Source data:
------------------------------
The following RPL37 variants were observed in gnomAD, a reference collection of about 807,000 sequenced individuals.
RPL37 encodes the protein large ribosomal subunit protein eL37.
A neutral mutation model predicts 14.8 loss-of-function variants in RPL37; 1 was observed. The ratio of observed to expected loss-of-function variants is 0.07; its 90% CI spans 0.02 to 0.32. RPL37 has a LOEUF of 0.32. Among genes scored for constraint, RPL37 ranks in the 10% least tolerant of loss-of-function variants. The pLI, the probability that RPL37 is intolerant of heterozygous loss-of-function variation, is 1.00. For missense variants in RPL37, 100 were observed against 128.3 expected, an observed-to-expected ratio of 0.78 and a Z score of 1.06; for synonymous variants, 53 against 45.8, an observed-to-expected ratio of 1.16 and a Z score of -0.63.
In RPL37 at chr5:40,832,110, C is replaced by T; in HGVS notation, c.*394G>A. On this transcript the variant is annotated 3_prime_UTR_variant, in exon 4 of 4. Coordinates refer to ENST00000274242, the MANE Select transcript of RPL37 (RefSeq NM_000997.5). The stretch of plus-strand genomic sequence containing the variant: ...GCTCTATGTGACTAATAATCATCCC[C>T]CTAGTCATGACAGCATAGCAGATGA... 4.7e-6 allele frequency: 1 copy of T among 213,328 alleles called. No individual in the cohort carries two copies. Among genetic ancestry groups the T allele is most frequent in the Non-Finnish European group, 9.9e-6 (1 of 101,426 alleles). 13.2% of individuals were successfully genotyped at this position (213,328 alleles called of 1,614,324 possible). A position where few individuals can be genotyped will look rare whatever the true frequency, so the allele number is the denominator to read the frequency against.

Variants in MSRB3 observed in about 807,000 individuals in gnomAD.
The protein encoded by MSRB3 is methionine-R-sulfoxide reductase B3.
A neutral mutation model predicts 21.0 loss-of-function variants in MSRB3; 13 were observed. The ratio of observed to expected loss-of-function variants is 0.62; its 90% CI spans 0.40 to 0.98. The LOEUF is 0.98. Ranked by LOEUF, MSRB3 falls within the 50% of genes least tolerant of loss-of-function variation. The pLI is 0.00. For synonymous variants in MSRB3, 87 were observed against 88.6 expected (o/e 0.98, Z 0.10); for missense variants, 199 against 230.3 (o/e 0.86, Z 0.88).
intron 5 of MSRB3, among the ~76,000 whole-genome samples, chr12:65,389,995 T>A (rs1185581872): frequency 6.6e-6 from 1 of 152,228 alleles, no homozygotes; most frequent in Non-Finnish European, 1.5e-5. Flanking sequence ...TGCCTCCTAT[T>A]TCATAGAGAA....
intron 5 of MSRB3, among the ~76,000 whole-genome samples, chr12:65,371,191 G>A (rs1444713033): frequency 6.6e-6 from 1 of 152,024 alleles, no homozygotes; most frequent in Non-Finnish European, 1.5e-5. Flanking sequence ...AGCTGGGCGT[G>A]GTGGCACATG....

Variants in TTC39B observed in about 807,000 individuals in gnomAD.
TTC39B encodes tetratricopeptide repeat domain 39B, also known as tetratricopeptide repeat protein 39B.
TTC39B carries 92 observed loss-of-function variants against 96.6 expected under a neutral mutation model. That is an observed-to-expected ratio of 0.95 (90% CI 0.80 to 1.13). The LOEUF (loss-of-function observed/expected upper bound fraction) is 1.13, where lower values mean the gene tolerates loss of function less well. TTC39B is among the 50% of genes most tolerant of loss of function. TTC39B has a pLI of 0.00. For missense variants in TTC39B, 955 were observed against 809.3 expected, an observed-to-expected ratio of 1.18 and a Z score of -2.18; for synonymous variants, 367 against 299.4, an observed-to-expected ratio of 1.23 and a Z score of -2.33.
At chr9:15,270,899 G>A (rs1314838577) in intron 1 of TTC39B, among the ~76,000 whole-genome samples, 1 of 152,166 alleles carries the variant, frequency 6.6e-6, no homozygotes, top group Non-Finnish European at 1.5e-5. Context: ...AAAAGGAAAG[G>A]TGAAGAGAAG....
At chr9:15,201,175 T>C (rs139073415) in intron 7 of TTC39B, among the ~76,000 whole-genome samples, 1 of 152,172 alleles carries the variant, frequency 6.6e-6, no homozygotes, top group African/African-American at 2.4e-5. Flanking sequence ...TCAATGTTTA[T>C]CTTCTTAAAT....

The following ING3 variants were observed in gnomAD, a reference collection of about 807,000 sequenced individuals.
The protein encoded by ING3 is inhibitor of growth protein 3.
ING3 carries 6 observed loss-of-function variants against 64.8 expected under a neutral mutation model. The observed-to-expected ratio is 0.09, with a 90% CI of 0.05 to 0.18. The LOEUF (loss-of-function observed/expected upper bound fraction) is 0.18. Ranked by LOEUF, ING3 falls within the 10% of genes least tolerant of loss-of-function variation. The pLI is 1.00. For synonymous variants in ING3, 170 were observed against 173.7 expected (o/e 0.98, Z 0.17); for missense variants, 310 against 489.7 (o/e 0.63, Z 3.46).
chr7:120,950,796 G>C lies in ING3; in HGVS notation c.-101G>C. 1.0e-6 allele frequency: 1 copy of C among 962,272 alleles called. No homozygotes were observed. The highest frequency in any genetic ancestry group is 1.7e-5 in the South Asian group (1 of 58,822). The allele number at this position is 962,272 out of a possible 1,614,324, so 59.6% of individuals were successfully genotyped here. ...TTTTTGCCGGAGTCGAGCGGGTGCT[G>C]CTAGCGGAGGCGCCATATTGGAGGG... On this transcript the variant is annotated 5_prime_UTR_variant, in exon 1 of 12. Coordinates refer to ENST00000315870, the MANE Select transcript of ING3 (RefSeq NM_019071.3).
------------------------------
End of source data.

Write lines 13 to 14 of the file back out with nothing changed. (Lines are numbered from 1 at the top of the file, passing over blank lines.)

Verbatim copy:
At chr9:15,270,899 G>A (rs1314838577) in intron 1 of TTC39B, among the ~76,000 whole-genome samples, 1 of 152,166 alleles carries the variant, frequency 6.6e-6, no homozygotes, top group Non-Finnish European at 1.5e-5. Context: ...AAAAGGAAAG[G>A]TGAAGAGAAG....
At chr9:15,201,175 T>C (rs139073415) in intron 7 of TTC39B, among the ~76,000 whole-genome samples, 1 of 152,172 alleles carries the variant, frequency 6.6e-6, no homozygotes, top group African/African-American at 2.4e-5. Flanking sequence ...TCAATGTTTA[T>C]CTTCTTAAAT....